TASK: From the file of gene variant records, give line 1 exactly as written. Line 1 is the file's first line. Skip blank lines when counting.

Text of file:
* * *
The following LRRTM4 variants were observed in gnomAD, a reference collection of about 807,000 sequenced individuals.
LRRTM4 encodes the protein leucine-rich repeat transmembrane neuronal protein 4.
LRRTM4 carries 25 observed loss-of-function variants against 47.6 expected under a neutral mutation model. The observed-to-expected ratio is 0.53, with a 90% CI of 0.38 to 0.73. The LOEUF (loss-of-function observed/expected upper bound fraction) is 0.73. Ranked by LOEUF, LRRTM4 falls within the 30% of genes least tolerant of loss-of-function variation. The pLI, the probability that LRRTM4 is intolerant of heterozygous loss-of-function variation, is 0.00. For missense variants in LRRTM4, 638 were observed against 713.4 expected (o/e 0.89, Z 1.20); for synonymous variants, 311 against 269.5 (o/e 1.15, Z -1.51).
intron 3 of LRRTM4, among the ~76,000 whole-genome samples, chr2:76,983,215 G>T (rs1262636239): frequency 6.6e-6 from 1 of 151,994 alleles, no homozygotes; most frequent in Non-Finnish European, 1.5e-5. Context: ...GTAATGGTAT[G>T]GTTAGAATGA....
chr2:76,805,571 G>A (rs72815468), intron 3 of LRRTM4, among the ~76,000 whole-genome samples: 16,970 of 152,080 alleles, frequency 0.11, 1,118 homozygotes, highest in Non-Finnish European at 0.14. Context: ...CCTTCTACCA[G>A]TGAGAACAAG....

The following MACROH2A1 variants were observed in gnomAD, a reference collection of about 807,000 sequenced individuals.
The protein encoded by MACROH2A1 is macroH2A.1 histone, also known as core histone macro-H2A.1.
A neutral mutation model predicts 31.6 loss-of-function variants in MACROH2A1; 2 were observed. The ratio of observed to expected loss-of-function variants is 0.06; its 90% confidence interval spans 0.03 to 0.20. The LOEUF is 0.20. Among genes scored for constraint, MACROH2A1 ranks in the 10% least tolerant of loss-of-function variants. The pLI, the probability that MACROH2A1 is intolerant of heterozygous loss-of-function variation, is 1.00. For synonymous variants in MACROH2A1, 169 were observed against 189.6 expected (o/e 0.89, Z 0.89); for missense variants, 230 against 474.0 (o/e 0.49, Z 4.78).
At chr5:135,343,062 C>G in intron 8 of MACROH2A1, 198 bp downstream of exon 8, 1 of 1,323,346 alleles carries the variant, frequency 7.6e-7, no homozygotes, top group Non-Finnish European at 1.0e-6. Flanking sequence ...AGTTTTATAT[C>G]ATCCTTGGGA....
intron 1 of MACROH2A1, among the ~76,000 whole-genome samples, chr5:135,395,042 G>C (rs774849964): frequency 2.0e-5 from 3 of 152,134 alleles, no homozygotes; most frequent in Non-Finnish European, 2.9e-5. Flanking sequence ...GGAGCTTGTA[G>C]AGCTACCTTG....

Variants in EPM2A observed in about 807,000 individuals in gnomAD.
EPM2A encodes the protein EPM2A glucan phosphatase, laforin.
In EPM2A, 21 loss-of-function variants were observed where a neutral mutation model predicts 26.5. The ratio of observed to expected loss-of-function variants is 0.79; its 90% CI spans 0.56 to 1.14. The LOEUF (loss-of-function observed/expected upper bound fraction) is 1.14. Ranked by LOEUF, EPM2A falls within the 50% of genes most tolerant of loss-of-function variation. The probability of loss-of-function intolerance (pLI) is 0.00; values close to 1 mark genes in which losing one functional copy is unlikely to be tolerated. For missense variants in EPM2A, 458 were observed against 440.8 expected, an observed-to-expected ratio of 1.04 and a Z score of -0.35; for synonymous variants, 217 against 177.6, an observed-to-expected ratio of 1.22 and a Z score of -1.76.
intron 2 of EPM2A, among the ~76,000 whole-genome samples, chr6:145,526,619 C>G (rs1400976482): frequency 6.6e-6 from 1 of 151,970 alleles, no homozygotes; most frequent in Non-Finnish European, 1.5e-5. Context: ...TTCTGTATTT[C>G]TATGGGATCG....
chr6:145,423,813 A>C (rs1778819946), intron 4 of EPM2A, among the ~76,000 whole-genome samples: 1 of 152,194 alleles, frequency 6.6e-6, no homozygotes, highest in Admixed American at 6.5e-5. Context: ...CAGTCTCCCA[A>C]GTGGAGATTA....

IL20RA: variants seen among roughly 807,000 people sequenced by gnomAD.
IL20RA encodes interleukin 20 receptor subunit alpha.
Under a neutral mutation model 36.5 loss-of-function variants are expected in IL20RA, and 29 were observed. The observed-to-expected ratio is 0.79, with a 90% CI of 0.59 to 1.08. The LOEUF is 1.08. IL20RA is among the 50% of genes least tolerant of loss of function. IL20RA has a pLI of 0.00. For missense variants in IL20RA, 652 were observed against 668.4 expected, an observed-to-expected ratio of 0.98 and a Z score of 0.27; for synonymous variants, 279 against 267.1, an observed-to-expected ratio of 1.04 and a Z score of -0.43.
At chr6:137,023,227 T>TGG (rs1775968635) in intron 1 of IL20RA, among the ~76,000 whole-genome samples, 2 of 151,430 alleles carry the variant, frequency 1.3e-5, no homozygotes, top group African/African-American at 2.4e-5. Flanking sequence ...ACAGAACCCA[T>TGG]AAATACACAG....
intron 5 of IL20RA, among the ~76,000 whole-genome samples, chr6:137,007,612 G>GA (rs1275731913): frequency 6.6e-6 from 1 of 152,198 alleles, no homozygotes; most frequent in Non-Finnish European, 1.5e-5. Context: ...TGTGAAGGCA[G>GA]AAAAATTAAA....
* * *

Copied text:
The following LRRTM4 variants were observed in gnomAD, a reference collection of about 807,000 sequenced individuals.